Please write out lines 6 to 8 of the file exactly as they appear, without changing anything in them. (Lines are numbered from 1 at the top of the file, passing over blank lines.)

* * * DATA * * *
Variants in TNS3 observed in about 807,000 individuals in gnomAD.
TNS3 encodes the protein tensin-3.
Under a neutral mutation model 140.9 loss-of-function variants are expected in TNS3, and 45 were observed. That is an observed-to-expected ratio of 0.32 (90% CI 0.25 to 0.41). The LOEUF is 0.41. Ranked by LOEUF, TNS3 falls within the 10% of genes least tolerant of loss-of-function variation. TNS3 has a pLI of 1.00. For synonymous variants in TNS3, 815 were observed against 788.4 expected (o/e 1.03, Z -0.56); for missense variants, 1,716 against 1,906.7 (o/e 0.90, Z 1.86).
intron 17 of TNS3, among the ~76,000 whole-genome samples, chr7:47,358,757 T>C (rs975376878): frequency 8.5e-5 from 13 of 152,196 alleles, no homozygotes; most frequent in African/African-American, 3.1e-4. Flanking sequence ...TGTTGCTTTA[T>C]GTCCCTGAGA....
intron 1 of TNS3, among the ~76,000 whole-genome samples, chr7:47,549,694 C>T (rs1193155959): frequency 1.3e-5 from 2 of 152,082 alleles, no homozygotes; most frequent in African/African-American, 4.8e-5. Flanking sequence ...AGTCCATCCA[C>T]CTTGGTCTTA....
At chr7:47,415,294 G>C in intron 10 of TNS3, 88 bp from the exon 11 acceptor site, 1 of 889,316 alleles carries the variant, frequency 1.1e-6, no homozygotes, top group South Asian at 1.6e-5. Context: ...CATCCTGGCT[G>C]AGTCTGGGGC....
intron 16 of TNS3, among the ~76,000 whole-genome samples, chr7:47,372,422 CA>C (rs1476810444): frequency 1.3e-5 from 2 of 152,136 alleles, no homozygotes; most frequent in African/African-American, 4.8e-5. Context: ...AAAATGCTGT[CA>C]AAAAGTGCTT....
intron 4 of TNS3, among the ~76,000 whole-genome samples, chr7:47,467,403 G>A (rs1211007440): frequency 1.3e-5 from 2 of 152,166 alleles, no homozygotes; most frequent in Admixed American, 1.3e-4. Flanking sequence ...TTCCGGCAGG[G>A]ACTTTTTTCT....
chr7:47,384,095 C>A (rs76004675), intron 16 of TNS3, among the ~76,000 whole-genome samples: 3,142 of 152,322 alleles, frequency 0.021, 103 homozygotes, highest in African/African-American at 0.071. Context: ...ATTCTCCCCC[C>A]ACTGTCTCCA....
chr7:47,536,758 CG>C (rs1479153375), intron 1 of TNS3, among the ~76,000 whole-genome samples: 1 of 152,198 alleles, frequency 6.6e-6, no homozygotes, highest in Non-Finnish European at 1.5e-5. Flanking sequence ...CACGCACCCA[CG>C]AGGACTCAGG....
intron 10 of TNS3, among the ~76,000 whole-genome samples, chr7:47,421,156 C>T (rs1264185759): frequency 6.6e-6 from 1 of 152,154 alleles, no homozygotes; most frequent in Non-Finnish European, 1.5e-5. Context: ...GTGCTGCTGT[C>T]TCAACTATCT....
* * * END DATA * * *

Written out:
At chr7:47,415,294 G>C in intron 10 of TNS3, 88 bp from the exon 11 acceptor site, 1 of 889,316 alleles carries the variant, frequency 1.1e-6, no homozygotes, top group South Asian at 1.6e-5. Context: ...CATCCTGGCT[G>C]AGTCTGGGGC....
intron 16 of TNS3, among the ~76,000 whole-genome samples, chr7:47,372,422 CA>C (rs1476810444): frequency 1.3e-5 from 2 of 152,136 alleles, no homozygotes; most frequent in African/African-American, 4.8e-5. Context: ...AAAATGCTGT[CA>C]AAAAGTGCTT....
intron 4 of TNS3, among the ~76,000 whole-genome samples, chr7:47,467,403 G>A (rs1211007440): frequency 1.3e-5 from 2 of 152,166 alleles, no homozygotes; most frequent in Admixed American, 1.3e-4. Flanking sequence ...TTCCGGCAGG[G>A]ACTTTTTTCT....